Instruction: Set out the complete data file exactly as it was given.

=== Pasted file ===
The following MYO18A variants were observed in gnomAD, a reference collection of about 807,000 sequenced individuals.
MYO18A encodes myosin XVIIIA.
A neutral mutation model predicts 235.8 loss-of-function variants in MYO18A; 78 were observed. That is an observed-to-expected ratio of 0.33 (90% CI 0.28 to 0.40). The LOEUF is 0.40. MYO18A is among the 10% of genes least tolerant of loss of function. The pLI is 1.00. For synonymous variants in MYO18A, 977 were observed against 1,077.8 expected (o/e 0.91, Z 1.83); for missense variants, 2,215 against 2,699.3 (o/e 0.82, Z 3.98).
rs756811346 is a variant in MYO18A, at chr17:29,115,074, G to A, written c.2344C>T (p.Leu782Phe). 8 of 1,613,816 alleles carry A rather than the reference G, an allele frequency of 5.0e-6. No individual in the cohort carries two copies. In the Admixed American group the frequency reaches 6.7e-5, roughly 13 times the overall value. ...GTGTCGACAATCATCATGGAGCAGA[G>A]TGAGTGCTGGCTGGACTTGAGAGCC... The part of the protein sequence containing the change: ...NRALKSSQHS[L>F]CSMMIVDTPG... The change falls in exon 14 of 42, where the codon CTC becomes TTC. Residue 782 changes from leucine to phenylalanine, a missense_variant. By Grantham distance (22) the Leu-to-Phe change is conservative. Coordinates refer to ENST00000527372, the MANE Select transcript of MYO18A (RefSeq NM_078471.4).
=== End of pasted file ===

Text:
The following MYO18A variants were observed in gnomAD, a reference collection of about 807,000 sequenced individuals.
MYO18A encodes myosin XVIIIA.
A neutral mutation model predicts 235.8 loss-of-function variants in MYO18A; 78 were observed. That is an observed-to-expected ratio of 0.33 (90% CI 0.28 to 0.40). The LOEUF is 0.40. MYO18A is among the 10% of genes least tolerant of loss of function. The pLI is 1.00. For synonymous variants in MYO18A, 977 were observed against 1,077.8 expected (o/e 0.91, Z 1.83); for missense variants, 2,215 against 2,699.3 (o/e 0.82, Z 3.98).
rs756811346 is a variant in MYO18A, at chr17:29,115,074, G to A, written c.2344C>T (p.Leu782Phe). 8 of 1,613,816 alleles carry A rather than the reference G, an allele frequency of 5.0e-6. No individual in the cohort carries two copies. In the Admixed American group the frequency reaches 6.7e-5, roughly 13 times the overall value. ...GTGTCGACAATCATCATGGAGCAGA[G>A]TGAGTGCTGGCTGGACTTGAGAGCC... The part of the protein sequence containing the change: ...NRALKSSQHS[L>F]CSMMIVDTPG... The change falls in exon 14 of 42, where the codon CTC becomes TTC. Residue 782 changes from leucine to phenylalanine, a missense_variant. By Grantham distance (22) the Leu-to-Phe change is conservative. Coordinates refer to ENST00000527372, the MANE Select transcript of MYO18A (RefSeq NM_078471.4).